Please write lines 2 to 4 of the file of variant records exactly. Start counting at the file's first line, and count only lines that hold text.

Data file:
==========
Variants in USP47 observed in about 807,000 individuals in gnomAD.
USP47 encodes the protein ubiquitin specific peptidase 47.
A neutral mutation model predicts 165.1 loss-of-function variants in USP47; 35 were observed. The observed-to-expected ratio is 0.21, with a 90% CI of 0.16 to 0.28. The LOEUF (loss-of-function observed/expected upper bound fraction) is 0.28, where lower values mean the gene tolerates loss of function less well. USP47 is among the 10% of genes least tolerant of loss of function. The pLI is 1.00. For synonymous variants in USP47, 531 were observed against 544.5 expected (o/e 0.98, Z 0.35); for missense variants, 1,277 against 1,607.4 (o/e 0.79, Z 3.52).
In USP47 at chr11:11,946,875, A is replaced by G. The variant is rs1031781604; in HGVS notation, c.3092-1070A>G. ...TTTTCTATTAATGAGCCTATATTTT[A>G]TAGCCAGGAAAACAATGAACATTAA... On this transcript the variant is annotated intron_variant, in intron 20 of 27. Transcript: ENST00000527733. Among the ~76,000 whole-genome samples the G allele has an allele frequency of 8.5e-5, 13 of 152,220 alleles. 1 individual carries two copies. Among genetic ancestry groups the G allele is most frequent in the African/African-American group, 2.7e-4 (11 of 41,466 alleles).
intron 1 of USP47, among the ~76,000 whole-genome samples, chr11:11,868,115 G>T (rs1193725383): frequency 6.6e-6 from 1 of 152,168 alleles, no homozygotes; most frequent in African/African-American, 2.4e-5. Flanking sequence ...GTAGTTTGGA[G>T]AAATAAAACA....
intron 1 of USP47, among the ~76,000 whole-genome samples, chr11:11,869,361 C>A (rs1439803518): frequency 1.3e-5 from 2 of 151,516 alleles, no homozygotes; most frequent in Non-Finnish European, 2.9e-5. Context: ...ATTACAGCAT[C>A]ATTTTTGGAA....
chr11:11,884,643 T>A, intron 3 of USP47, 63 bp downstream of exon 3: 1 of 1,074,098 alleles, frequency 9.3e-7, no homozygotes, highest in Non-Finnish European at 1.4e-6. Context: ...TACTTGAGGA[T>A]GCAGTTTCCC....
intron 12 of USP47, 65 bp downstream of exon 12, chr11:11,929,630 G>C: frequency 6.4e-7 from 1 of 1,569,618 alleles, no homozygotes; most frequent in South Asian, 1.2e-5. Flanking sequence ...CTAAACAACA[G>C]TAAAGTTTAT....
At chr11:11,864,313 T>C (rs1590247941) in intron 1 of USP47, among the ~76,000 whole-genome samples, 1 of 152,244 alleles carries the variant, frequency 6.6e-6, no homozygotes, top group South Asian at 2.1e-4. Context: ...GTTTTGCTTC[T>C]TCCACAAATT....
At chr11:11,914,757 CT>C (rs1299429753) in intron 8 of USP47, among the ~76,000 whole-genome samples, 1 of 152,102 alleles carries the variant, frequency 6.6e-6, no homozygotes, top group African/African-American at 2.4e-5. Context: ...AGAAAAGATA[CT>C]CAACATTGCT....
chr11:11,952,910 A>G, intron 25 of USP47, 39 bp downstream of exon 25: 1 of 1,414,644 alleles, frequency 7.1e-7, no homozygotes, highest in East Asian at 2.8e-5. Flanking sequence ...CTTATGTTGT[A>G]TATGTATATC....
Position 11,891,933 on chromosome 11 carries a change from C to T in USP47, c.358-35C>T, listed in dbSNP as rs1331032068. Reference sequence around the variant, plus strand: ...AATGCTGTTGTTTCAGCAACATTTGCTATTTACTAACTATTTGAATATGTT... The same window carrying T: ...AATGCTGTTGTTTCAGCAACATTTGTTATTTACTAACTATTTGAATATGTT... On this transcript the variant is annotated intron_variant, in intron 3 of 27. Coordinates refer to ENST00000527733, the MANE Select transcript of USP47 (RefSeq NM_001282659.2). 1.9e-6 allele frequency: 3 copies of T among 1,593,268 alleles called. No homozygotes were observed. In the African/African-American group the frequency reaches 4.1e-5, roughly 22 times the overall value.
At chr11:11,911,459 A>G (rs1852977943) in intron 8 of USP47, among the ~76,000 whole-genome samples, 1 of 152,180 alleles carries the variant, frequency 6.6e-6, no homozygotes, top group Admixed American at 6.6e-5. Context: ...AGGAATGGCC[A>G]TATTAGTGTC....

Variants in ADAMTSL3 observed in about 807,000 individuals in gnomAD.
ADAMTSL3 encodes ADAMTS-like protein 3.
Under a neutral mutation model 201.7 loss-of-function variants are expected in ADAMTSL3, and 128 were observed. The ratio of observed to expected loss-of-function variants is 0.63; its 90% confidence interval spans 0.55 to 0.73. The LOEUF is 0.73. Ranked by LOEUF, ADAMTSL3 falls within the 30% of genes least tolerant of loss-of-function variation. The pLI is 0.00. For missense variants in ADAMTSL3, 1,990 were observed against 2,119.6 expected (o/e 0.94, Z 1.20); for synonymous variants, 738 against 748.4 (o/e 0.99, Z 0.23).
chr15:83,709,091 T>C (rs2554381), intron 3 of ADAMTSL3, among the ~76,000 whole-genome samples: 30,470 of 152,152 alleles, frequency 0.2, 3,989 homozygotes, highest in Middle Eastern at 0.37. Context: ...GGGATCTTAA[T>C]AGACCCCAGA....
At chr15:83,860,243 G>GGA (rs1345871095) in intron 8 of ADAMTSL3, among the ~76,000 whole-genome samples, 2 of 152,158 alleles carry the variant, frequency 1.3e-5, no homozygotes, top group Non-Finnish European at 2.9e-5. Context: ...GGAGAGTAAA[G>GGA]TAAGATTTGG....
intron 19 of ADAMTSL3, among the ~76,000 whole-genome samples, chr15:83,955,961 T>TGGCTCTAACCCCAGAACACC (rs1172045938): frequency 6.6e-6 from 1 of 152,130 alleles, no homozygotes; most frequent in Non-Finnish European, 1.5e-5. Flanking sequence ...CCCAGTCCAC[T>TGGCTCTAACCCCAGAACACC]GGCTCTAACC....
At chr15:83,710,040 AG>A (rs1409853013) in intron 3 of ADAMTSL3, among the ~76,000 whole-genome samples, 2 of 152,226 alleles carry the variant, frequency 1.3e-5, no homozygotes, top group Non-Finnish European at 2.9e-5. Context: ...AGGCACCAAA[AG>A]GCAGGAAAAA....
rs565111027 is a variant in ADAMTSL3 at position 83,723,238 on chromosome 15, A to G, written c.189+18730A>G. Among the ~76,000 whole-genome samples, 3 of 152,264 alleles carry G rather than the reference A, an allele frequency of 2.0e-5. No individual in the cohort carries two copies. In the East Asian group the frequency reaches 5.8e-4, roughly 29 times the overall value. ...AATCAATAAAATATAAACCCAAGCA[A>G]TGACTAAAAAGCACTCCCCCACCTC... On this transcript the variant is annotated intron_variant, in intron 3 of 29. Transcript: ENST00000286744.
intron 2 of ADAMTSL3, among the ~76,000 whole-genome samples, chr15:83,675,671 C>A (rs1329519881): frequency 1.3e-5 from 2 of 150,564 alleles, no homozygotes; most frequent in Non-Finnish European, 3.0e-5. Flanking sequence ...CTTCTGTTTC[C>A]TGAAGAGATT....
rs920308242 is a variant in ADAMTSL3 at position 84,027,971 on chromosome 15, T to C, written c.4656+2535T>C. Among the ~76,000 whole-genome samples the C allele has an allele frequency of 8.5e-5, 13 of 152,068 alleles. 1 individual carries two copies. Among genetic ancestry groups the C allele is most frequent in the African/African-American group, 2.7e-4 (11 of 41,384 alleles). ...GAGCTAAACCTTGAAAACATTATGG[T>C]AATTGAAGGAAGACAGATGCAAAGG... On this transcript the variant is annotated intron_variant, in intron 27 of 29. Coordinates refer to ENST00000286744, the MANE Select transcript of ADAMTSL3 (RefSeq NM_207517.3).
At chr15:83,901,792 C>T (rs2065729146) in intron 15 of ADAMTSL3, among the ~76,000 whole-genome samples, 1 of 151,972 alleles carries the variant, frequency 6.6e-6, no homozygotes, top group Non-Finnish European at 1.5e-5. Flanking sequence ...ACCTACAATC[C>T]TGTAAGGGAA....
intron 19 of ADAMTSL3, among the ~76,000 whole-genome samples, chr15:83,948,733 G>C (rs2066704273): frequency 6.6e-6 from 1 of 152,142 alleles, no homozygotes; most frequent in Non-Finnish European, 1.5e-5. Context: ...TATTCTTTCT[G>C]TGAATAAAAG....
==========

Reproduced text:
USP47 encodes the protein ubiquitin specific peptidase 47.
A neutral mutation model predicts 165.1 loss-of-function variants in USP47; 35 were observed. The observed-to-expected ratio is 0.21, with a 90% CI of 0.16 to 0.28. The LOEUF (loss-of-function observed/expected upper bound fraction) is 0.28, where lower values mean the gene tolerates loss of function less well. USP47 is among the 10% of genes least tolerant of loss of function. The pLI is 1.00. For synonymous variants in USP47, 531 were observed against 544.5 expected (o/e 0.98, Z 0.35); for missense variants, 1,277 against 1,607.4 (o/e 0.79, Z 3.52).
In USP47 at chr11:11,946,875, A is replaced by G. The variant is rs1031781604; in HGVS notation, c.3092-1070A>G. ...TTTTCTATTAATGAGCCTATATTTT[A>G]TAGCCAGGAAAACAATGAACATTAA... On this transcript the variant is annotated intron_variant, in intron 20 of 27. Transcript: ENST00000527733. Among the ~76,000 whole-genome samples the G allele has an allele frequency of 8.5e-5, 13 of 152,220 alleles. 1 individual carries two copies. Among genetic ancestry groups the G allele is most frequent in the African/African-American group, 2.7e-4 (11 of 41,466 alleles).